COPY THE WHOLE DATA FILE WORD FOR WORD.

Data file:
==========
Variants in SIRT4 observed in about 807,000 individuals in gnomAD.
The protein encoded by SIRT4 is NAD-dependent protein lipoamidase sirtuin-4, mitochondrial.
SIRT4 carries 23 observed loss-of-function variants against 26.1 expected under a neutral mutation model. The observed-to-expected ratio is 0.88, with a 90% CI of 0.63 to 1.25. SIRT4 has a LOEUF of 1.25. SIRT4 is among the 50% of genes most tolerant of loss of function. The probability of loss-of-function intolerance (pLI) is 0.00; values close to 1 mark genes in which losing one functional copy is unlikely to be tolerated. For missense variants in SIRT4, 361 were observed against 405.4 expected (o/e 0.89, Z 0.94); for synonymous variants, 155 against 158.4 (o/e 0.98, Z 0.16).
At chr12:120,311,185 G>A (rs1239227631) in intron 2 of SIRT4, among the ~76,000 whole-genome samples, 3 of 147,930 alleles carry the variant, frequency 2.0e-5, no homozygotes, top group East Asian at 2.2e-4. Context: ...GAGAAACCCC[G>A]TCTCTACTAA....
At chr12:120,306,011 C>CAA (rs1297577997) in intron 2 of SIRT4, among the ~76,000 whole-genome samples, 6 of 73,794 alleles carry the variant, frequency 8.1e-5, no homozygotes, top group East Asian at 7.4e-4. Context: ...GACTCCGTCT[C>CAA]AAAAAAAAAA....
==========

Variants in SIRT4 observed in about 807,000 individuals in gnomAD.
The protein encoded by SIRT4 is NAD-dependent protein lipoamidase sirtuin-4, mitochondrial.
SIRT4 carries 23 observed loss-of-function variants against 26.1 expected under a neutral mutation model. The observed-to-expected ratio is 0.88, with a 90% CI of 0.63 to 1.25. SIRT4 has a LOEUF of 1.25. SIRT4 is among the 50% of genes most tolerant of loss of function. The probability of loss-of-function intolerance (pLI) is 0.00; values close to 1 mark genes in which losing one functional copy is unlikely to be tolerated. For missense variants in SIRT4, 361 were observed against 405.4 expected (o/e 0.89, Z 0.94); for synonymous variants, 155 against 158.4 (o/e 0.98, Z 0.16).
At chr12:120,311,185 G>A (rs1239227631) in intron 2 of SIRT4, among the ~76,000 whole-genome samples, 3 of 147,930 alleles carry the variant, frequency 2.0e-5, no homozygotes, top group East Asian at 2.2e-4. Context: ...GAGAAACCCC[G>A]TCTCTACTAA....
At chr12:120,306,011 C>CAA (rs1297577997) in intron 2 of SIRT4, among the ~76,000 whole-genome samples, 6 of 73,794 alleles carry the variant, frequency 8.1e-5, no homozygotes, top group East Asian at 7.4e-4. Context: ...GACTCCGTCT[C>CAA]AAAAAAAAAA....